When I first saw this giant rotating ice disk spotted in North Dakota this week, I assumed it had to be some kind of human-created object, perhaps a new piece by famed land artist Andy Goldsworthy. The video above was shot by retired engineer George Loegering while hiking along the Sheyenne River. He estimates the rotating disk was some 55 feet in diameter and must have been forming for some time. The St. Paul Pioneer Press spoke with National Weather Service hydrologist Allen Schlag:
The cold, dense air—the air pressure Saturday in nearby Fargo was a record high for the city for the month of November, according to Gust—turned the river water into ice, but since the water was relatively warm it didn’t happen all at once. Floating bits of ice got caught in the eddy and started to spin in a circle.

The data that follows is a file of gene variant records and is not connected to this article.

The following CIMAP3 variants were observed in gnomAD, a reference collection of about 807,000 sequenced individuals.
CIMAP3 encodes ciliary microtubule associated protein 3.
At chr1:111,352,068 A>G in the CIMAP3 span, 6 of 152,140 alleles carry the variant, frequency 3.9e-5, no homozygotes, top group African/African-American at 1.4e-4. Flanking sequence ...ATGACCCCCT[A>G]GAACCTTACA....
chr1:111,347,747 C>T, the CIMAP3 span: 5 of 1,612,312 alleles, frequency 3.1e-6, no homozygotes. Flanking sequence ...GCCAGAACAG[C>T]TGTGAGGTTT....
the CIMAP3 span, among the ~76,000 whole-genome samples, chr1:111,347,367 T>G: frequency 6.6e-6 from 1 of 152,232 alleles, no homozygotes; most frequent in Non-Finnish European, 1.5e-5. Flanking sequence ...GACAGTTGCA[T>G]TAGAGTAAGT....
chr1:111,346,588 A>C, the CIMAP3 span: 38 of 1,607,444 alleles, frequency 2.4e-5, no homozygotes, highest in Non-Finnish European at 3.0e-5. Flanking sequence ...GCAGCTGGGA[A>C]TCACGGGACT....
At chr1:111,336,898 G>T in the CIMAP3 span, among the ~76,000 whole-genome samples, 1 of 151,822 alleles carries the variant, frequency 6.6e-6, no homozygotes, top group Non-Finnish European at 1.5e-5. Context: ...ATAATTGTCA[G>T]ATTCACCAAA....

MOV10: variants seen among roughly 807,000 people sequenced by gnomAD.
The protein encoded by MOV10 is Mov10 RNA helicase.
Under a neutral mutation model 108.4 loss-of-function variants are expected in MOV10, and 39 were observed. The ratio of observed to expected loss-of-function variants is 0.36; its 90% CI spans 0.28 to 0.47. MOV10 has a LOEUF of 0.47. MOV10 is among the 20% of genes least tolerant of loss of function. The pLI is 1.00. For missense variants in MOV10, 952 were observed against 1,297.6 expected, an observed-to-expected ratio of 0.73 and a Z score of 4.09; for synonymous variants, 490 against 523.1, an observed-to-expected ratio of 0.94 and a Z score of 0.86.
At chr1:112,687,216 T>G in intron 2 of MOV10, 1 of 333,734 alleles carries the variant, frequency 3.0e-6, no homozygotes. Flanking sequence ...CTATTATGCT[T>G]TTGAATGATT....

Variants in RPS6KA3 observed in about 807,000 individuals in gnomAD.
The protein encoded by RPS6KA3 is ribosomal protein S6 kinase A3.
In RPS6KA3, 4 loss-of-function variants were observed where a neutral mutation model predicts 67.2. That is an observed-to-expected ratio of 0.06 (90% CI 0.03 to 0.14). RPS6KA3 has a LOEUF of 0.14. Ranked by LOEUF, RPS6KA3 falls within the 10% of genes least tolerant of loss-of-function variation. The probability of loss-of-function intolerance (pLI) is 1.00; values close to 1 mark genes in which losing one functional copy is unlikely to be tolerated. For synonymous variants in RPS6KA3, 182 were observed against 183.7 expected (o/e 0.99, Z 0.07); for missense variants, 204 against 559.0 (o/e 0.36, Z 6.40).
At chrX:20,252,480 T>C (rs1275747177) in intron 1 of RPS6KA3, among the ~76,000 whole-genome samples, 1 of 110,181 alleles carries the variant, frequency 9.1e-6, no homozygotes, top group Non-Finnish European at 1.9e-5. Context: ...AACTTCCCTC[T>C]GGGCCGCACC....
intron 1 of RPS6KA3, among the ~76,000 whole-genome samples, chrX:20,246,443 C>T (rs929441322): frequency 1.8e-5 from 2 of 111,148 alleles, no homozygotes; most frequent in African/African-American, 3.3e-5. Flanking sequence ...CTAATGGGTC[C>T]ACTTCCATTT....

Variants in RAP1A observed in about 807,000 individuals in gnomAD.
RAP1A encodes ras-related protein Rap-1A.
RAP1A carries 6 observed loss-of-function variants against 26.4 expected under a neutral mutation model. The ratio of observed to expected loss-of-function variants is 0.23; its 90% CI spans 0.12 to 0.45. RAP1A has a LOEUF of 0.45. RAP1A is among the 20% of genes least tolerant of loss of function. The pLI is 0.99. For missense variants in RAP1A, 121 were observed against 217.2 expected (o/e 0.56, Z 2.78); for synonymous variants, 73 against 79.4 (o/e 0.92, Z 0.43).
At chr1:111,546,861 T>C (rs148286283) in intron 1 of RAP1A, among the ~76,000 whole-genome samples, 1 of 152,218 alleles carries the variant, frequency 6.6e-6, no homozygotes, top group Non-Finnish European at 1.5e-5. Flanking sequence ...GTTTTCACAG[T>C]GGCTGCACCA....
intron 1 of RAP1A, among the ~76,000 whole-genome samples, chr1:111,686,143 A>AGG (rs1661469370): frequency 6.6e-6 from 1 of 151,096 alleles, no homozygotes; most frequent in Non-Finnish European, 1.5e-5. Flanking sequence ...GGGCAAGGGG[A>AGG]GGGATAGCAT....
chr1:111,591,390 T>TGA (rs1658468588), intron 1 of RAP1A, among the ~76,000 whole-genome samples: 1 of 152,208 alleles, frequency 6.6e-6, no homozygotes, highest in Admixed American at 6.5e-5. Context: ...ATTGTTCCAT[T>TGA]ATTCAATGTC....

“It’s not a continuous sheet of ice,” Schlag said. “If you were to throw a grapefruit-size rock on it, it would go through. It’s not a solid piece of ice—it’s a collection of ice cubes.”
Although extremely rare, ice disks do indeed appear naturally from time to time when conditions are perfect. Above are a few examples of people who have been lucky enough to stumble onto one while holding a camera. Learn more over on St. Paul Pioneer Press. (thnx Ben + all)